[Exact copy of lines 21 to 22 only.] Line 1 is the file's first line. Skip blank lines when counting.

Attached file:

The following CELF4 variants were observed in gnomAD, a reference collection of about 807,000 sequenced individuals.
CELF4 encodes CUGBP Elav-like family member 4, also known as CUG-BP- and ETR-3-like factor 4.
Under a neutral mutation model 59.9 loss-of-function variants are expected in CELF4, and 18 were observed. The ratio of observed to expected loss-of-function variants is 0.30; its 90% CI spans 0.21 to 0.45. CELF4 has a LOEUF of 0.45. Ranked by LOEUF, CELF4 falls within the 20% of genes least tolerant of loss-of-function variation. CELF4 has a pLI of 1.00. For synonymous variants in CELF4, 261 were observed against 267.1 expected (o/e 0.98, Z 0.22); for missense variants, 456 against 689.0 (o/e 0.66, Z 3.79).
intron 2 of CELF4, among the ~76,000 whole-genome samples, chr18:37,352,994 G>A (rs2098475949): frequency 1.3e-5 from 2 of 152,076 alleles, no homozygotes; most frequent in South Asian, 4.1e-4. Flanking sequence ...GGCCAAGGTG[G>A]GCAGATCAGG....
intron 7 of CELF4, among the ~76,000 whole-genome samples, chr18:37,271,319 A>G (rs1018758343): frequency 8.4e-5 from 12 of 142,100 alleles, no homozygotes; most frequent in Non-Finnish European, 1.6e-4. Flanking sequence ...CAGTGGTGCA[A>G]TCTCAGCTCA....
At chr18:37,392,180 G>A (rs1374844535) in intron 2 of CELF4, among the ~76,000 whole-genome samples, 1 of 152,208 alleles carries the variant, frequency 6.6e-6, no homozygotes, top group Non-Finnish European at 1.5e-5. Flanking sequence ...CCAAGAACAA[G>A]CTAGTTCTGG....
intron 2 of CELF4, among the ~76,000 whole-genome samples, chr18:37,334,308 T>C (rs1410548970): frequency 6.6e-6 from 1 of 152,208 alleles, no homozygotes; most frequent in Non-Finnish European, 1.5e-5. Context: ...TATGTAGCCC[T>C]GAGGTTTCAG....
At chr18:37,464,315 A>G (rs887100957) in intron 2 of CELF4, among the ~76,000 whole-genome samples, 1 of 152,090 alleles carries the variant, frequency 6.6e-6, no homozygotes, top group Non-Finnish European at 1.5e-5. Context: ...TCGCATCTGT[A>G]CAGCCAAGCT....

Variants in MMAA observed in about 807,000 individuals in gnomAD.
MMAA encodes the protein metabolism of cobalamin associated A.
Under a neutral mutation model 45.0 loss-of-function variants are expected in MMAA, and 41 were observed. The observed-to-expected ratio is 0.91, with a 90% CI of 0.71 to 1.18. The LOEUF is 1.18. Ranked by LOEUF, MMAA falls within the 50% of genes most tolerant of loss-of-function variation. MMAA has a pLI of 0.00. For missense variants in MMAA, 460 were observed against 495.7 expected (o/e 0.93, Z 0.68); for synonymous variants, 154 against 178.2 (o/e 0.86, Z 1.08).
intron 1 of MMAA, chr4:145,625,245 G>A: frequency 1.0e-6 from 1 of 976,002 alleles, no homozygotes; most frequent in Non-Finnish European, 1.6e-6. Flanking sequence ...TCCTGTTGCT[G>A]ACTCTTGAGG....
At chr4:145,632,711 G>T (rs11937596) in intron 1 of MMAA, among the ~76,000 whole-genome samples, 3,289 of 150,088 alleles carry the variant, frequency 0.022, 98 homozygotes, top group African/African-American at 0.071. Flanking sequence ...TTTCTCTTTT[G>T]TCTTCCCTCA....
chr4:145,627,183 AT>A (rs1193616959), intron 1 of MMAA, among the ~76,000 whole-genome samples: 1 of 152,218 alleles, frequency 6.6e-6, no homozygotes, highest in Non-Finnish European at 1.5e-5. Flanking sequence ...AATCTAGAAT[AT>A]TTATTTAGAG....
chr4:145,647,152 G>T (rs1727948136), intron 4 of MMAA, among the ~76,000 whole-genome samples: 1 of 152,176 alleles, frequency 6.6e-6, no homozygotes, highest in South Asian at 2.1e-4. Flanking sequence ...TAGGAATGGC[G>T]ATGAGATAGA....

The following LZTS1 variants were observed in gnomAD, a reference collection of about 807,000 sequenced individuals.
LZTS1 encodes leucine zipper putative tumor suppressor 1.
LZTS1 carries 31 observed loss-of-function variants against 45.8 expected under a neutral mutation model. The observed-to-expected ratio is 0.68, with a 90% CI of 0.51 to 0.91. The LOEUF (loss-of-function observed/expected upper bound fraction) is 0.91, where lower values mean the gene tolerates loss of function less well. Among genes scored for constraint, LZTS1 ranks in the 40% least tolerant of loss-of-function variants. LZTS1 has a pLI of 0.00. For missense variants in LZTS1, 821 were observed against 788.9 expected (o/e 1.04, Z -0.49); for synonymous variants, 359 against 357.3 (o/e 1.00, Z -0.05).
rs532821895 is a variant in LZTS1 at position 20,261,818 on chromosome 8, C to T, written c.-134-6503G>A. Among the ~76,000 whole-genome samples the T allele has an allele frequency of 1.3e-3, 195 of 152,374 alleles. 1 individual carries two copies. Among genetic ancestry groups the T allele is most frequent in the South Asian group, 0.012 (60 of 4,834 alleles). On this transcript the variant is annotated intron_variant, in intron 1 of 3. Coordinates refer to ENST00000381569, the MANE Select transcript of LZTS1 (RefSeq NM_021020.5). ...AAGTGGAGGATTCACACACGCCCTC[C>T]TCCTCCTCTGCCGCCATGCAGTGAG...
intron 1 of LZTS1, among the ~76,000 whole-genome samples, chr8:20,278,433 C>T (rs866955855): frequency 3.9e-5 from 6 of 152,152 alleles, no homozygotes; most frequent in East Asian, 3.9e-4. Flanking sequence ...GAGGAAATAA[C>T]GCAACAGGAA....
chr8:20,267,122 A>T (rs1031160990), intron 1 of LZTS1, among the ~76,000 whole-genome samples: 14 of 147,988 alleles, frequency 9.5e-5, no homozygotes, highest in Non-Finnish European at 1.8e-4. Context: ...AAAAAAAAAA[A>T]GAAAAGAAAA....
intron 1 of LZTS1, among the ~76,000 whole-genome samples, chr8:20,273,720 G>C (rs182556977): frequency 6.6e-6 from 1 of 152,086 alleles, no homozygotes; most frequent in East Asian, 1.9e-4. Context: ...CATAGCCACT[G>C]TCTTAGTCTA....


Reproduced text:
chr8:20,267,122 A>T (rs1031160990), intron 1 of LZTS1, among the ~76,000 whole-genome samples: 14 of 147,988 alleles, frequency 9.5e-5, no homozygotes, highest in Non-Finnish European at 1.8e-4. Context: ...AAAAAAAAAA[A>T]GAAAAGAAAA....
intron 1 of LZTS1, among the ~76,000 whole-genome samples, chr8:20,273,720 G>C (rs182556977): frequency 6.6e-6 from 1 of 152,086 alleles, no homozygotes; most frequent in East Asian, 1.9e-4. Context: ...CATAGCCACT[G>C]TCTTAGTCTA....